Floyd Ellis “Butch” Milleson


Floyd Ellis “Butch” Milleson was born Aug. 29, 1946, in Kemmerer, to Floyd E. and Lily Pearlean Milleson and concluded his journey in this life and entered his rest Feb. 8, at his home in Round Rock, Texas.

Butch is preceded in death by his parents; and his sister, Beverley Bott (Demar).

He is survived by his wife, Brenda Milleson;  children, Mathew Milleson, Misty Anaya (Roman) and Destiny Lyautey (Logan); as well as by Janet Gayle Mecca and their daughter, Monica Vickery (Gregg). He will be lovingly remembered by his brother, Jim Miller (Verone); his nine grandchildren: Joshua, Jennifyr, Irissa, Evan, Arianna, Alex, Skyla, Laryia and Dannie; as well as by numerous nieces, nephews, cousins and other extended family members.

Butch was no stranger to hard work or to getting his hands dirty. He was so familiar, in fact, that those who knew him well would tease him by saying that dirty was how he preferred them. Butch’s work ethic was cultivated as a boy when he went to work for his sister and brother-in-law mowing lawns on their ranch near the Tetons in Idaho near the Wyoming border at the tender age of six. By the time he was 10, Butch was operating a D9 Caterpillar tractor as a key member of the staff working to process the ranch’s 100,000 acres of potatoes, wheat, and barley.

Butch was greatly respected by his professional peers and colleagues within the oil and gas community and admired for his dedication and professional expertise demonstrated throughout his 47-year career. At the age of 17, Butch left the ranch and started his career in the oil and gas field as a warehouse clerk for El Paso Natural Gas. At the time, he was the youngest person ever to be hired by the company. Butch quickly worked his way out of the warehouse and into natural gas production where he served continually, becoming the materials supervisor despite his department operating under a changing corporate logo, first as El Paso, then Northwest Pipeline, and finally Williams Field Services. Desiring to broaden his professional acumen, Butch returned to the field and spent the last 15 years of his career serving as a pipeline inspector on some of the nation’s largest interstate and transnational natural gas pipelines before deciding to retire and pursue other pleasures near his home in northwest New Mexico.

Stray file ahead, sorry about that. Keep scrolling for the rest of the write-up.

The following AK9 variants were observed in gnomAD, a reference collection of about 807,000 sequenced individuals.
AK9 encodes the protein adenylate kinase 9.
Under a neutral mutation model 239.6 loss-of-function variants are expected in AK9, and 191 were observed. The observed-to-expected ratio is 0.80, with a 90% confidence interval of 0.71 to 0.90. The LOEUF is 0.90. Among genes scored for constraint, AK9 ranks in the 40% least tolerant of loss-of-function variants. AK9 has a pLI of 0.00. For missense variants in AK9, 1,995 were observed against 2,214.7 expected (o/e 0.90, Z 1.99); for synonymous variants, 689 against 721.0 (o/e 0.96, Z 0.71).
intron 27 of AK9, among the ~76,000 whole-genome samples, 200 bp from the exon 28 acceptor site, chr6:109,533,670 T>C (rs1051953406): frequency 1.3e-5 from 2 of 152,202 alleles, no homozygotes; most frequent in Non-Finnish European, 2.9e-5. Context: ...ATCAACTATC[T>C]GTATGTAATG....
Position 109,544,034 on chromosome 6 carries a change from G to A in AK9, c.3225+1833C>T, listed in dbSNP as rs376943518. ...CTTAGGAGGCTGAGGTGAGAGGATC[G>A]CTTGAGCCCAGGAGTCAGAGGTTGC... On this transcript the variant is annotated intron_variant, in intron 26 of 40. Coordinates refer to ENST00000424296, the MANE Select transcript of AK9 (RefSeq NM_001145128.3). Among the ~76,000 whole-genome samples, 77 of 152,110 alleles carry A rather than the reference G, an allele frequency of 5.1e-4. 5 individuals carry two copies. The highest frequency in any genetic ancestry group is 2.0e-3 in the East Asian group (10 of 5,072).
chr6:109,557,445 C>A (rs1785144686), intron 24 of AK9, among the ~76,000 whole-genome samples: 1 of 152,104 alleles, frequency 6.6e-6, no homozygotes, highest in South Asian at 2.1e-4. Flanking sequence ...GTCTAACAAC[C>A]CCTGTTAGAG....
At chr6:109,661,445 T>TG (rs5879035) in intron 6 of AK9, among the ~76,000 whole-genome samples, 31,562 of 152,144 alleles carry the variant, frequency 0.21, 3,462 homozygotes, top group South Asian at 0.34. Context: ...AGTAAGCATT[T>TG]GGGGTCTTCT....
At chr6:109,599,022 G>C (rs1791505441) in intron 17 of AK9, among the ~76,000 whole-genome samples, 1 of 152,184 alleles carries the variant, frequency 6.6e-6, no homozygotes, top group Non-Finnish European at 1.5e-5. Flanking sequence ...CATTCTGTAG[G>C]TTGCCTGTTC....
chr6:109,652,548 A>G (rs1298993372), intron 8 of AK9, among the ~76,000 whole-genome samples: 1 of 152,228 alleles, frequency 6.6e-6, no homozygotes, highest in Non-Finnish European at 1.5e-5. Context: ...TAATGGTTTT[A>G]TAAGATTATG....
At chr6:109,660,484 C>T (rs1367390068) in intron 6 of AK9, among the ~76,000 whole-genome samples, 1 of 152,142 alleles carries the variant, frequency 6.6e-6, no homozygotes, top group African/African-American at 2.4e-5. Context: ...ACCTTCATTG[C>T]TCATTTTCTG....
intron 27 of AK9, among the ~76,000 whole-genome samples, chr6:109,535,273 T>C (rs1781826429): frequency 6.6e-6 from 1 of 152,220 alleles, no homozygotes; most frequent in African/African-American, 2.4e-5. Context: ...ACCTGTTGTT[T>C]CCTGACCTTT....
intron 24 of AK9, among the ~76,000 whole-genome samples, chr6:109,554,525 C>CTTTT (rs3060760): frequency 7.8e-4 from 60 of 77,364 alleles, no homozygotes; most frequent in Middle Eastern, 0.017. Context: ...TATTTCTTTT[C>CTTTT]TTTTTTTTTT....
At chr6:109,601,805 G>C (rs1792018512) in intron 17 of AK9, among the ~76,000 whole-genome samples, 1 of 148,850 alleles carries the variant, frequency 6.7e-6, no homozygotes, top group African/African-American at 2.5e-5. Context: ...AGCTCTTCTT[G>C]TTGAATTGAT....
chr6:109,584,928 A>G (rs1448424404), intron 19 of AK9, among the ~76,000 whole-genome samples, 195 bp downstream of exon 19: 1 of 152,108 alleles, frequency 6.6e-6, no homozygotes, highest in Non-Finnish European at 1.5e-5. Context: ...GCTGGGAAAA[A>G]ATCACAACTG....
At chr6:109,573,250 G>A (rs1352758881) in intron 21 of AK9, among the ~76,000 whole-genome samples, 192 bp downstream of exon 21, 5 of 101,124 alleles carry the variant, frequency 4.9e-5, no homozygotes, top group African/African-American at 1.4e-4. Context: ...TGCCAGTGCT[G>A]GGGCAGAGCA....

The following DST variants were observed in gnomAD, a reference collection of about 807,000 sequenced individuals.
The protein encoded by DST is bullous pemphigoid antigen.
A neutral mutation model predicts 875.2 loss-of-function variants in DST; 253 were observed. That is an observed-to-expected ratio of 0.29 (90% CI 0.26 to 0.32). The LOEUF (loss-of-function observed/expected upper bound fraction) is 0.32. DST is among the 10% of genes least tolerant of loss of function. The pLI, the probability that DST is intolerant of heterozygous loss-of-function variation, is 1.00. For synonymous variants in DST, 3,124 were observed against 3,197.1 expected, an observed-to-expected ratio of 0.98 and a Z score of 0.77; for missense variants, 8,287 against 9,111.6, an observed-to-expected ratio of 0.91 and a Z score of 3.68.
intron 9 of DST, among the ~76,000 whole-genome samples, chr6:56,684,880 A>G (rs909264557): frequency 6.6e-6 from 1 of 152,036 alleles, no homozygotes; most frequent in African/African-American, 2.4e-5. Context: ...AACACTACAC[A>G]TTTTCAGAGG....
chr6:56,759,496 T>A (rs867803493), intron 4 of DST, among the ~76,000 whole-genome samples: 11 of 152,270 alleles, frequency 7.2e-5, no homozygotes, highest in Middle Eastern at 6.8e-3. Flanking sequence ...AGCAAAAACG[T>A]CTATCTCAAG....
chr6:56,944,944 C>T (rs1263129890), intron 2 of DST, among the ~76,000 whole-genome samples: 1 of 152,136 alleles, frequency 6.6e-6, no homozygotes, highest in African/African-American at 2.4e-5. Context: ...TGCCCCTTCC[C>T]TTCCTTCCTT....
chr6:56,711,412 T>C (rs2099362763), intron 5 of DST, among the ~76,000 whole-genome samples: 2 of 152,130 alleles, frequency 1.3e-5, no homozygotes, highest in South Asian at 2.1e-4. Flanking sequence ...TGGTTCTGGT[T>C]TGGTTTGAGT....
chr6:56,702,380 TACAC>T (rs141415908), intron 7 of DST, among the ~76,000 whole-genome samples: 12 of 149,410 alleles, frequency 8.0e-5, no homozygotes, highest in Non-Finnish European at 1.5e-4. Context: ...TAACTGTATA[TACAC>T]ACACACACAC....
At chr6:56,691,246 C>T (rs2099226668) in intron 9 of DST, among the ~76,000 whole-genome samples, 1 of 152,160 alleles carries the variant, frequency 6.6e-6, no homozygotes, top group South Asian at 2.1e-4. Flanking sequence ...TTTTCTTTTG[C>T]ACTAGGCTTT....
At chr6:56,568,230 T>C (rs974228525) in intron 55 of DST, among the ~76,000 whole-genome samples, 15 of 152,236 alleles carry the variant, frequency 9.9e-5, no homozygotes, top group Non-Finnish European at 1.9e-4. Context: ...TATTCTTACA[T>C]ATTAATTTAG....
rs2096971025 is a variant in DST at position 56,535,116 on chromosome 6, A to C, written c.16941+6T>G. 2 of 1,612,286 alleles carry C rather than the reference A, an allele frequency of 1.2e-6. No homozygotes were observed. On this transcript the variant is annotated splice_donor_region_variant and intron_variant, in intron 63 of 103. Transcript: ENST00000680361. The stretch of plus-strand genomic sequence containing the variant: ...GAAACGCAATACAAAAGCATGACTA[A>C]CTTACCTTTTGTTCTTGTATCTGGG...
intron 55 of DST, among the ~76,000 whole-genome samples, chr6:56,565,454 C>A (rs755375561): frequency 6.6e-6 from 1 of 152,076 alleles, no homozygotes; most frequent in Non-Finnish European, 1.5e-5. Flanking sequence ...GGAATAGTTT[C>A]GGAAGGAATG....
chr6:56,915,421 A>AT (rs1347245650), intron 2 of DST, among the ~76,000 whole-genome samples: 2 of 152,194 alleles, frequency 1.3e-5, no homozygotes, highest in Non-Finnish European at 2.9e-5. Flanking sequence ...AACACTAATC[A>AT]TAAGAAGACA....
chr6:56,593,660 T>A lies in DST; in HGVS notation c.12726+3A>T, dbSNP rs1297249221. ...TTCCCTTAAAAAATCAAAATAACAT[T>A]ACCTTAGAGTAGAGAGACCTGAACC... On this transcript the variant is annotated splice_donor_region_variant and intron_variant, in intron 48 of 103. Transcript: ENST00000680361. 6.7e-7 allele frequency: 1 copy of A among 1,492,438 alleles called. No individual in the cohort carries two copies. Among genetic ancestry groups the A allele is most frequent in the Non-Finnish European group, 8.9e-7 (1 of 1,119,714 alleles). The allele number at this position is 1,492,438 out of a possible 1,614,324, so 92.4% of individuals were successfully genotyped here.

When not working, Butch had a green thumb for gardening and learned to cultivate not only overflowing crops of fruits and vegetables, but also beautiful rose and ornamental flower gardens. You could often find him working on an innovative gadget or system to irrigate his plants.

For entertainment, Butch enjoyed watching westerns on television and listening to classic country hits by the likes of Dolly Parton and Johnny Cash. A cherished memory shared by many is how Butch would often fancy himself as an outlaw like the Man in Black, defying the powers that be with a six-shooter on his hip and cowboy hat on his head.

He will be deeply missed by all those who knew him.

Following cremation, Butch’s remains will be interred in a family plot at Green Lawn Cemetery in Farmington, NM. A memorial service and celebration of Butch’s life will be held in the near future. The family would like to express our thanks for the wonderful help and care provided by Texas Home Health and to acknowledge the multitude of dear ones who blessed us with their condolences or placed us in their thoughts and prayers during this time of bereavement.

Condolences may be sent to the family at 1217 Rainbow Parke Drive, Round Rock, TX 78665 and, if so desiring, in lieu of flowers, the family requests a memorial contribution be made to Texas Home Health Hospice, 3520 Executive Center; Suite 320, Austin, TX 78731.

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